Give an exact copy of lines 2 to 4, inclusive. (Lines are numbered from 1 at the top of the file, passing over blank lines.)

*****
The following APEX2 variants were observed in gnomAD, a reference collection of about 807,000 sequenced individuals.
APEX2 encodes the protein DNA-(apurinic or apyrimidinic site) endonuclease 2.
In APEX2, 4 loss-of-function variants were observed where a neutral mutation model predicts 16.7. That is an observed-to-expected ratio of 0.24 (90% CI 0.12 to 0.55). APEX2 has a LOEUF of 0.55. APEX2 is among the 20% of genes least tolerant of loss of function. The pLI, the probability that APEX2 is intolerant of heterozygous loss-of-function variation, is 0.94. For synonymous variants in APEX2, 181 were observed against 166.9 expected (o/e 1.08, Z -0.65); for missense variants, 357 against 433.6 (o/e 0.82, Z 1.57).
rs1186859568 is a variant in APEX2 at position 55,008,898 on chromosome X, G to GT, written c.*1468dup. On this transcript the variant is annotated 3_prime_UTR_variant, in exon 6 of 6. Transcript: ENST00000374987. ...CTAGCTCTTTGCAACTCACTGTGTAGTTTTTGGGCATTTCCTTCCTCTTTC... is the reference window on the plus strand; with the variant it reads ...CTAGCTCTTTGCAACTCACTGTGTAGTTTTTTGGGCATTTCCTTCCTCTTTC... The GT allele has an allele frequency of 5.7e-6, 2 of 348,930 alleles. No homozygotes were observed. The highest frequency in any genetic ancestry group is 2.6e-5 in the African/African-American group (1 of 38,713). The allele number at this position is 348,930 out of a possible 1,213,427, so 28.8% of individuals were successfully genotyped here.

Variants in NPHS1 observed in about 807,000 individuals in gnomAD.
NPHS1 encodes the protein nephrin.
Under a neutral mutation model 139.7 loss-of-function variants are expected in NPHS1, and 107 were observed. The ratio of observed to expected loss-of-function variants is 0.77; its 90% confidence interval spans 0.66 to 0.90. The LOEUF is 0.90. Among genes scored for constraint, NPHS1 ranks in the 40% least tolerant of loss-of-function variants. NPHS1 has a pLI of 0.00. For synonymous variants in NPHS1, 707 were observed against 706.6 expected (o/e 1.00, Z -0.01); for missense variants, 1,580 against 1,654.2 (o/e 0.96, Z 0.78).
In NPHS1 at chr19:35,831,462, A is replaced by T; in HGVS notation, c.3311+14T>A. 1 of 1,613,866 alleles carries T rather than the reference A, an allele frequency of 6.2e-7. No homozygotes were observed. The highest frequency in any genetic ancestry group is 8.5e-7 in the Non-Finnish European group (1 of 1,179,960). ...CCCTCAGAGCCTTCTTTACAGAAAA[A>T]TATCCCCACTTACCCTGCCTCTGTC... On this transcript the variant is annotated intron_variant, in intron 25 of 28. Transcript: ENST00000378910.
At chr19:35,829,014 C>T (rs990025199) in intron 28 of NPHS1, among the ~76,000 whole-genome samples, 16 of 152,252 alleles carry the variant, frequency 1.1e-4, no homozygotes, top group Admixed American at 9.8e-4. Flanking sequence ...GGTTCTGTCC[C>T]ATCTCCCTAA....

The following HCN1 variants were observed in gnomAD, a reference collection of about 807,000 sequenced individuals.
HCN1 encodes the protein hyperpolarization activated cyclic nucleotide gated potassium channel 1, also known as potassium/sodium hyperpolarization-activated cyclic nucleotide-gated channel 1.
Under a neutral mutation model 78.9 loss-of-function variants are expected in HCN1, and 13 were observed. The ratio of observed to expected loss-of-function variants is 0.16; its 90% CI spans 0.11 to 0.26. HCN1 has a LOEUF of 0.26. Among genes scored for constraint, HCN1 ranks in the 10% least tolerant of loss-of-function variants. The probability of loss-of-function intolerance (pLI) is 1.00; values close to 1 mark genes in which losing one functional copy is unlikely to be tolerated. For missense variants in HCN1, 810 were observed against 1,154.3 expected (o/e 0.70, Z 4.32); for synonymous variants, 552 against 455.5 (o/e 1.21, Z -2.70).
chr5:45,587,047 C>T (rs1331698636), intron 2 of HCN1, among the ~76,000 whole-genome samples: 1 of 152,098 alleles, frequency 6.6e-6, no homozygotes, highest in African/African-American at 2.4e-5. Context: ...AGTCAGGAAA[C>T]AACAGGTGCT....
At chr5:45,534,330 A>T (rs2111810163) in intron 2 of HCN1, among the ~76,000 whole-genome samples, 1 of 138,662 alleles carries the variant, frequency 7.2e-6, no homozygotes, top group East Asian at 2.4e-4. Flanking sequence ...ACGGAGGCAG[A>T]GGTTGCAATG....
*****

APEX2 encodes the protein DNA-(apurinic or apyrimidinic site) endonuclease 2.
In APEX2, 4 loss-of-function variants were observed where a neutral mutation model predicts 16.7. That is an observed-to-expected ratio of 0.24 (90% CI 0.12 to 0.55). APEX2 has a LOEUF of 0.55. APEX2 is among the 20% of genes least tolerant of loss of function. The pLI, the probability that APEX2 is intolerant of heterozygous loss-of-function variation, is 0.94. For synonymous variants in APEX2, 181 were observed against 166.9 expected (o/e 1.08, Z -0.65); for missense variants, 357 against 433.6 (o/e 0.82, Z 1.57).
rs1186859568 is a variant in APEX2 at position 55,008,898 on chromosome X, G to GT, written c.*1468dup. On this transcript the variant is annotated 3_prime_UTR_variant, in exon 6 of 6. Transcript: ENST00000374987. ...CTAGCTCTTTGCAACTCACTGTGTAGTTTTTGGGCATTTCCTTCCTCTTTC... is the reference window on the plus strand; with the variant it reads ...CTAGCTCTTTGCAACTCACTGTGTAGTTTTTTGGGCATTTCCTTCCTCTTTC... The GT allele has an allele frequency of 5.7e-6, 2 of 348,930 alleles. No homozygotes were observed. The highest frequency in any genetic ancestry group is 2.6e-5 in the African/African-American group (1 of 38,713). The allele number at this position is 348,930 out of a possible 1,213,427, so 28.8% of individuals were successfully genotyped here.